The refugees… are helping him? It’s difficult to say, Section 9 says. But if not them, then who? The Major says that either way, what awaits them at the end of this cycle is a quagmire of war with the refugees.

Boy-o. How did we ever get to this point? War with the refugees? Well, this escalation is pretty evenly paced throughout, by Gouda’s steady hand. And in this season, Section 9 has always been a step behind. Investigations are races against the clock, and we’ve just struck midnight.

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Or… midnight, maybe the episode after next. That’s when Section 9 heads into Dejima — that’s when the shit gets so real.

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4 thoughts on “Episode 21: “IN: Escape in Defeat — EMBARRASSMENT”

  1. Hey it’s me again! (if you still remember)
    I origianlly made it to ep. 20 in April but them got stuck with school business and then sorta lost steam on the binge and then went ahead to watch Ergo Proxy (brilliant anime as well, even more mindfuck than GITS I’d say)…so yeah, I got distracted.

    But now I’m back! After a good two-month time.

    And those last three episode have been a blast! Damn that big realization moment when Kuze finds out those Plutoniums are fake–everything’s just the CIS’s masterplan! Gouda pulling thr strings to bring about the civil war he had wanted.

    This is actually something pretty interesting –shady government factions pulling the strings to incite right-wing nationalist and militarist sentiments among the blinded people, trying to bring the country to a war for their own purposes… This simply has WWII JAPAN written all over–heck the show even directly hints at the “May Fifteenth Incident”!

    WWII and imperial militarism have aleays been the big taboo in Japan, and animes rarely (okay “never” would be the more accurate word) dares to talk about it. But GITS is just too badass for that, it’s gonna go and tackle the biggest of the biggest taboos and dive into a plot stuffed with right- and left-wing exremisms, refugee crisis, ultra-nationalsim, xenophobia, militarism and war, with just the right hint of WWII Japan. This is what earns them RESPECT from me. And with all the shits going on in Europe right now, the tension between citizens and refugees, the rise of the right… damn it only makes watching this show more chilling than ever.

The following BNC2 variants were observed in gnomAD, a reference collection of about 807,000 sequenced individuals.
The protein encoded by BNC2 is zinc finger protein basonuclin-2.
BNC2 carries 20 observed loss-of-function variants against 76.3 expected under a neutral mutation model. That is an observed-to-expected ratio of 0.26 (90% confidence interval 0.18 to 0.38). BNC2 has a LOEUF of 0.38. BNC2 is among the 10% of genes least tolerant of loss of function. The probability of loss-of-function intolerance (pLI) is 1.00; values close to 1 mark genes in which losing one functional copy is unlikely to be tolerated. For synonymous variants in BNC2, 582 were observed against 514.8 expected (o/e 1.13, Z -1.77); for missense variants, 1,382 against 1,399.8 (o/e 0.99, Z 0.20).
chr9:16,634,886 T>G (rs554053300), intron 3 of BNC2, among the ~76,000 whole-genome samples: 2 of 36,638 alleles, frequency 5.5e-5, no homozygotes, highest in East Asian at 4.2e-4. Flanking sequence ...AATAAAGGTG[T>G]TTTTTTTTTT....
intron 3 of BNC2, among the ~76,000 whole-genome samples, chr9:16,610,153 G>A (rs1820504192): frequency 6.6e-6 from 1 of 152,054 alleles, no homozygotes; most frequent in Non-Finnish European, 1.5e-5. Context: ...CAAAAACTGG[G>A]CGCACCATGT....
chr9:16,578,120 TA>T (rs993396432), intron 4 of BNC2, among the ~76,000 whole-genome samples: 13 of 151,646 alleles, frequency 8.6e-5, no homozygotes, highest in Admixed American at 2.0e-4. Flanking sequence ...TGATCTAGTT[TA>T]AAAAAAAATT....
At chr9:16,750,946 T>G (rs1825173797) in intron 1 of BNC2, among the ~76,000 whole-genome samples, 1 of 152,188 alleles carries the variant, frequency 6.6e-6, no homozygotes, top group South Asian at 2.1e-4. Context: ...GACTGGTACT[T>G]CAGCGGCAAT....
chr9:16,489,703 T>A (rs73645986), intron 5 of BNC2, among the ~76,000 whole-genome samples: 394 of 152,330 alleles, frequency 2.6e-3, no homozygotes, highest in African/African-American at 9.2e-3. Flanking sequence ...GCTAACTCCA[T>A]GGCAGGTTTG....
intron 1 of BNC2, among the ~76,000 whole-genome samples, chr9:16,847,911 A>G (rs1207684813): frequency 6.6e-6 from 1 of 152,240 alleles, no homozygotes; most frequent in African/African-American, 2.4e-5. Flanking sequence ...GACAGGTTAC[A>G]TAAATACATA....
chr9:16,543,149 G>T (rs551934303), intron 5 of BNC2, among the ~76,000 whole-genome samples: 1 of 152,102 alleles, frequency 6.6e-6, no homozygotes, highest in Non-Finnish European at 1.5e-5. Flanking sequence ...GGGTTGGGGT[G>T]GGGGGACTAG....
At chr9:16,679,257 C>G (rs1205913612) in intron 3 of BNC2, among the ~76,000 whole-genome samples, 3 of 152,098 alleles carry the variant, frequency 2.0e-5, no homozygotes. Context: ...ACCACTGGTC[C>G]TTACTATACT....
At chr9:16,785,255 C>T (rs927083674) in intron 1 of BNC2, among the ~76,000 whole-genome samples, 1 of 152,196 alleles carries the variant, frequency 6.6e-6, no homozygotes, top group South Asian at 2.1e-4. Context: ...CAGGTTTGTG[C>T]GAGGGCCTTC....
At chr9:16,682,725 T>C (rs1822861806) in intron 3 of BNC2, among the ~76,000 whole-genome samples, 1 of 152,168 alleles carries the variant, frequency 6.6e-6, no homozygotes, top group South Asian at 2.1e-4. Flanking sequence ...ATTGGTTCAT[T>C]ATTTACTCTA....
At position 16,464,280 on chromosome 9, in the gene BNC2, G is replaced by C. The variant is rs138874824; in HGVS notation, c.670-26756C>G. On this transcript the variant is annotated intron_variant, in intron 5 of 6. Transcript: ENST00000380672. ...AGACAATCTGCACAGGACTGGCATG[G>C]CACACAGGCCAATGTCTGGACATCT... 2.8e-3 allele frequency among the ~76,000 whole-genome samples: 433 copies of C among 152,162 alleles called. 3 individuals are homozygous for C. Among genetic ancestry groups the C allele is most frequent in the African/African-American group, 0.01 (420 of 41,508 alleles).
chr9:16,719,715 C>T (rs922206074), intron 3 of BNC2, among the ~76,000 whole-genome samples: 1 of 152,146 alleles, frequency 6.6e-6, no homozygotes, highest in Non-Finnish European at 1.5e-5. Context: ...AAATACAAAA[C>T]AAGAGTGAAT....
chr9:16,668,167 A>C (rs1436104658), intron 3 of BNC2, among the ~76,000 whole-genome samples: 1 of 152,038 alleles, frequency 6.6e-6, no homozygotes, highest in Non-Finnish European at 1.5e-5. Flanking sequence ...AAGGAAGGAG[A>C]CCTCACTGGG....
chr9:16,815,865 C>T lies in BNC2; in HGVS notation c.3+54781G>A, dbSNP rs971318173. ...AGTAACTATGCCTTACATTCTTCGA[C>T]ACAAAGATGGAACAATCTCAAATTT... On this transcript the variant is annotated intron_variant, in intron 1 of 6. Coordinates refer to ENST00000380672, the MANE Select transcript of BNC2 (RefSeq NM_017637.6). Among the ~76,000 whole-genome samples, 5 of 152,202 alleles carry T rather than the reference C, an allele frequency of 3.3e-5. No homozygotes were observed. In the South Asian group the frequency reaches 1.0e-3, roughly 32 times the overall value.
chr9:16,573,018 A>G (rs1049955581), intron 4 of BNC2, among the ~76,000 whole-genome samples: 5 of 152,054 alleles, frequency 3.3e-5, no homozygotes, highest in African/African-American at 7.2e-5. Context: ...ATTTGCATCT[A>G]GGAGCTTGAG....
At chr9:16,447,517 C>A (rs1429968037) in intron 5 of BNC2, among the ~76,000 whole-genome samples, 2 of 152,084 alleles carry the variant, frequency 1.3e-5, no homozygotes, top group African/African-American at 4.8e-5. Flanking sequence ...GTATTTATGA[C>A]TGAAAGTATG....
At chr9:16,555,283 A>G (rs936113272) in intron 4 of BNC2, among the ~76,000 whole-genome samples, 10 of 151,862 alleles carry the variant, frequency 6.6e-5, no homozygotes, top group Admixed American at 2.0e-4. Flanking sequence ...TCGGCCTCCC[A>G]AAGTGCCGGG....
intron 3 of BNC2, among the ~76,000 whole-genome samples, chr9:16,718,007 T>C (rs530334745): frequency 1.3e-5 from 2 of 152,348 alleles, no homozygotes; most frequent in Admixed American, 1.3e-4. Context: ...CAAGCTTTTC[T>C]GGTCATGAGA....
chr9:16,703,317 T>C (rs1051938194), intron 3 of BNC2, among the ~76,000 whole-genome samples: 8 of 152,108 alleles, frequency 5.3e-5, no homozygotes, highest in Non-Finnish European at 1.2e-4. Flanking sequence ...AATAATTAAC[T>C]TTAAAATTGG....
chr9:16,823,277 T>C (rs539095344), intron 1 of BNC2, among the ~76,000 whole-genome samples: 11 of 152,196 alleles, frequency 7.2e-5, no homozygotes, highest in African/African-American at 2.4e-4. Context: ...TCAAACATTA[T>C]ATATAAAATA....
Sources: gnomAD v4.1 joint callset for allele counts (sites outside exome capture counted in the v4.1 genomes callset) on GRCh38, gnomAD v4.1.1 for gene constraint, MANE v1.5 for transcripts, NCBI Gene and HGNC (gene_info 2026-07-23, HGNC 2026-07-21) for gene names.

1. Hey Jess, glad to hear you from you. Totally agree, although the one thing I was never clear on was Gouda’s motivation. I understand he’s trying to make Japan great again, so to speak, but from the writers’ perspective, is it just because that’s how people in the Japanese government are? I guess that would be enough in terms of characterization, but I’d love the complexity of his methods to be matched by his motive.

      I don’t know — I still have yet to watch the entire series with subtitles. I tried to find transcripts online but only found them for the dub. Hopefully seeing them with a more accurate translation will help clear things like that up for me.

      I’ve had Ergo Proxy on DVD for a while — that and Serial Experiments Lain (and to a lesser extent Psycho-Pass) were always must-sees because of their resemblance to GITS, but whenever I’m in the GITS mood I just watch GITS. (Psycho-Pass was explicitly Production IG’s successor to GITS, but I saw the first episode and got bored — no patience)

      1. To me, Gouda is just the classic nationalistic militarist idealist: eradication of refugees, and more importantly the military-industrial complex and military build-up. Make Japan great again, restore the nation “to its former glory” (glory of the goold ol’ Japanese Empire?) GITS made sure the link with WWII is strong and clear.

        And yeah I heard that Psycho-Pass isn’t as good as GITS…It will still be on my to-watch list, but probably way down there that I’ll never get to it. After 2nd Gig and S.S.S. and Innocense I guess I’ll move on to some other Mamoru Oshii–either Patlabor or Jin-roh, or probably just dive in for some more Yoko Kanno in Cowboy Bebop…

    2. It was almost like Gouda was more interested in the process of restoring the imperial culture than the restoring – fascinated by manipulation, but the ends were only so personally concerning.

      Movies are always easy to jump into. Jin-Roh is a masterpiece, and people also say that about Patlabor 2, but they also say you need to have seen at least some of the earlier Patlabor for Patlabor 2 to make sense, like the original TV series. That is unfortunately out of print, which sucks. The continuity between even the first two Patlabor movies is in question, but my memory of them is hazy.

      Cowboy Bebop is always good for a rewatch, but I’d also recommend Kamiyama’s series that followed SSS, Moribito: Guardian of the Spirit, which is pretty much one of the best anime shows I’ve ever seen. If you haven’t seen it, and you’re willing to make the leap from SF to fantasy, I give it the highest reco, and it’s available on Netflix as well as Amazon streaming. (Music by Kenji Kawaii)